The human benefit of good face to face debt advice, and how it boosts local economies

Following my post yesterday about the savings that could be achieved by face to face debt advice, I had a couple of comments which I thought I would share with you:

One person emailed me to say that while we can do a cost/benefit analysis or a social return on investment calculation, “what we can never measure is the human cost, how do we measure the saving of a home, that child (who) didn’t have their education disrupted and they go on to pass exams, get a job, pay taxes etc., or the child who didn’t witness their parent(s) going through such despair, maybe arguing, or didn’t have to go into emergency temporary accommodation and be exposed to scenes and noise of others who may have addiction issues, significant mental health issues, or because (of the advice received) they remained in the home, meals could be cooked etc. so they had a nutritious diet which helped them concentrate.”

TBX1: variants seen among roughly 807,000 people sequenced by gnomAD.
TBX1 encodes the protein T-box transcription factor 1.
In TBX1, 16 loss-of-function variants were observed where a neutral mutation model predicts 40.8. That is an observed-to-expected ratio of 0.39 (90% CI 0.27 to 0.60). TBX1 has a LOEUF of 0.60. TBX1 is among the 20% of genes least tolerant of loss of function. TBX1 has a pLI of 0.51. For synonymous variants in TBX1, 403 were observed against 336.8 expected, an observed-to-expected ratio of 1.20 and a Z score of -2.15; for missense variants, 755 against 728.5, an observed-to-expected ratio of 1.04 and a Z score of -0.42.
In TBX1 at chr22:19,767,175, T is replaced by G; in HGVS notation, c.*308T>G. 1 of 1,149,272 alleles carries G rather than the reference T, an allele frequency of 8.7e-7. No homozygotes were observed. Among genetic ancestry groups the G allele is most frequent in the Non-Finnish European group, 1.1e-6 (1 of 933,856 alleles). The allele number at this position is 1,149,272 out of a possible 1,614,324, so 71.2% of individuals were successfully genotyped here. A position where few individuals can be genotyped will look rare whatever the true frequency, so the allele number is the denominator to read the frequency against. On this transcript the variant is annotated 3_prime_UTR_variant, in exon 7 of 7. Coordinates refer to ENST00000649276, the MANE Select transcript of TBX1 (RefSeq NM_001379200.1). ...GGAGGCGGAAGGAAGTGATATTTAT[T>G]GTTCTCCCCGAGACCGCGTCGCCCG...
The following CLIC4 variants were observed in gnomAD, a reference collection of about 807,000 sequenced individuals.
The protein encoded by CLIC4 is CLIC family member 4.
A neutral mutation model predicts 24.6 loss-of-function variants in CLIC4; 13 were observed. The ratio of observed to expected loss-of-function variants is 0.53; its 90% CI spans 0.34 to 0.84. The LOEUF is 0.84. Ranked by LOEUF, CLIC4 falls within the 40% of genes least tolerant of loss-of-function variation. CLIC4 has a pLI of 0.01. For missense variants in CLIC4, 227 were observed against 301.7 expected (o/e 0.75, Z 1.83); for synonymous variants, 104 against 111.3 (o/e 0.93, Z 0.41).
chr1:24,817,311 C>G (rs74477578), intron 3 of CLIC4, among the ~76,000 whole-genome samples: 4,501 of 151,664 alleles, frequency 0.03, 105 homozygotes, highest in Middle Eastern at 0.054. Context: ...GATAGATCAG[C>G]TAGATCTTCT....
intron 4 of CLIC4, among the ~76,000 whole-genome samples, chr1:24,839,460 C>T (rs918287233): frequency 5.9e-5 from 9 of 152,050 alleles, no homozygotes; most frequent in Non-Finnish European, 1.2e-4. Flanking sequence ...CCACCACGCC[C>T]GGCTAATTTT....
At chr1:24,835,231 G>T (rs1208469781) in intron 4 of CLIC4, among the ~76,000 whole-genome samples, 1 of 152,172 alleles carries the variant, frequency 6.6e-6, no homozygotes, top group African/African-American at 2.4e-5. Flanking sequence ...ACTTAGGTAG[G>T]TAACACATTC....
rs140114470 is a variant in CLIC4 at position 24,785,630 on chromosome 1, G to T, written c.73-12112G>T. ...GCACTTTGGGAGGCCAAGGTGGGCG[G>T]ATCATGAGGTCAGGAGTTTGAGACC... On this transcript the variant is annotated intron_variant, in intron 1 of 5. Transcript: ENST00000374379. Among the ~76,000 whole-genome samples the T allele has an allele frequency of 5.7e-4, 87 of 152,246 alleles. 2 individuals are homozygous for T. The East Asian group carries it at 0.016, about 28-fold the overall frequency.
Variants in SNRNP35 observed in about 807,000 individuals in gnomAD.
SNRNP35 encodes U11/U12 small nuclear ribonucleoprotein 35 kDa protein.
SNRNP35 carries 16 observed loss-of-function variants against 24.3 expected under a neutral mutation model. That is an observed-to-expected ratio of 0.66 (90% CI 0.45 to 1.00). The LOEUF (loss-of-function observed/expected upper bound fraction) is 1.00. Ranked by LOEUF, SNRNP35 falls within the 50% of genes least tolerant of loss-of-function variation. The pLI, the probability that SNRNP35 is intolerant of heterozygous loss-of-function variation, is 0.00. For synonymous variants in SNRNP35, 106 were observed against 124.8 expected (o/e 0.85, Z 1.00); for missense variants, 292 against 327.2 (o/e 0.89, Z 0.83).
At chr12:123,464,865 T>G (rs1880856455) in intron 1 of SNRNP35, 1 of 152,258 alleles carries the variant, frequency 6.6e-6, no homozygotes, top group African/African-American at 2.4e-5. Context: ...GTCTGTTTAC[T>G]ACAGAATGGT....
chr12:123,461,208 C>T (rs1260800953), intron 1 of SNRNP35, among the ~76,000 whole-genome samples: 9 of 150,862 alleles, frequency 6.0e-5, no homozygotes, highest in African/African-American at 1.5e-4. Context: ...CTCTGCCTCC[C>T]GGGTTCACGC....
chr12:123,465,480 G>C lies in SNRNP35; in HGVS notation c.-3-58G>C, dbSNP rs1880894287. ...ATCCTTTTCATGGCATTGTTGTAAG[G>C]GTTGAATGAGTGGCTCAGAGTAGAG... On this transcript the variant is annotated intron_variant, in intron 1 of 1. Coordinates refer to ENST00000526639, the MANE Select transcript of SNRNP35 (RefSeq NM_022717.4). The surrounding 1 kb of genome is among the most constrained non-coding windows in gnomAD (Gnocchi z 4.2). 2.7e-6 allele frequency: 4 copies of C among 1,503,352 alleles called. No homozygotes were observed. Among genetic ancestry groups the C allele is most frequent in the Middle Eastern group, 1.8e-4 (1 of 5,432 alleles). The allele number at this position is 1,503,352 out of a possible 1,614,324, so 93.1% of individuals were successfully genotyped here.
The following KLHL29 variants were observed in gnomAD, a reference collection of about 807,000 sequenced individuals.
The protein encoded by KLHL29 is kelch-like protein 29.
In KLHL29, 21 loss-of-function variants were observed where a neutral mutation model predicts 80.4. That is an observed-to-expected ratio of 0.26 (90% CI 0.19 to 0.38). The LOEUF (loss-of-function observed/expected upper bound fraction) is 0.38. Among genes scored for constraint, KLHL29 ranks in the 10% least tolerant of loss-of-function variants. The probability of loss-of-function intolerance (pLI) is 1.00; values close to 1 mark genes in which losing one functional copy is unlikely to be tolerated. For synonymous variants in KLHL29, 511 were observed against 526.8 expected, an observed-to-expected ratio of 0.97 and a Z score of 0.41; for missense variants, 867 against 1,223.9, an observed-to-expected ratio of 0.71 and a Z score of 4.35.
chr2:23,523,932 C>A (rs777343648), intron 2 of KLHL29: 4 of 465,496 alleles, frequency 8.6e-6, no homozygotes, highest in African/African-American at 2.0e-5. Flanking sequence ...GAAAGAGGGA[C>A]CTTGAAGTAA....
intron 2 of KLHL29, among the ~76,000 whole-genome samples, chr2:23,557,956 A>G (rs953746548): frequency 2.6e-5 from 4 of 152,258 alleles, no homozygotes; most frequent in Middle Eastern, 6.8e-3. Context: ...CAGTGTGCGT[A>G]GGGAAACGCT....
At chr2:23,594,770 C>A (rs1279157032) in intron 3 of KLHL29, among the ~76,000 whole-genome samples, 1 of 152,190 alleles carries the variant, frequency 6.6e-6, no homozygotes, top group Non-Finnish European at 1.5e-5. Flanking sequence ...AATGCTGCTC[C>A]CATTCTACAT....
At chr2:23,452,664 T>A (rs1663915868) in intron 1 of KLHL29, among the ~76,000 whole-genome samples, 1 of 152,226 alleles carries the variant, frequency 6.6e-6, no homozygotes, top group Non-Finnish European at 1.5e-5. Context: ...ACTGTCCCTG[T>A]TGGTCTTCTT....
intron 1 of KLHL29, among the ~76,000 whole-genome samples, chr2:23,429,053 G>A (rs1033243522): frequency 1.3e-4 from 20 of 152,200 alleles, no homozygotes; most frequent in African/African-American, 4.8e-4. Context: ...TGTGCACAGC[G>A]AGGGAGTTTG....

Another person commented that one of our close partners in Hastings, HARC, managed to get over £1.4 million in disability / sickness benefits to Hastings residents that they were entitled to these, thereby boosting the local economy by that much and more so when you apply the local multiplier effect. (I like this illustration of how the local multiplier works).

As for the human cost, I will post separately a couple of real life stories about how advice services have helped people gain control of their lives and how homelessness is prevented.

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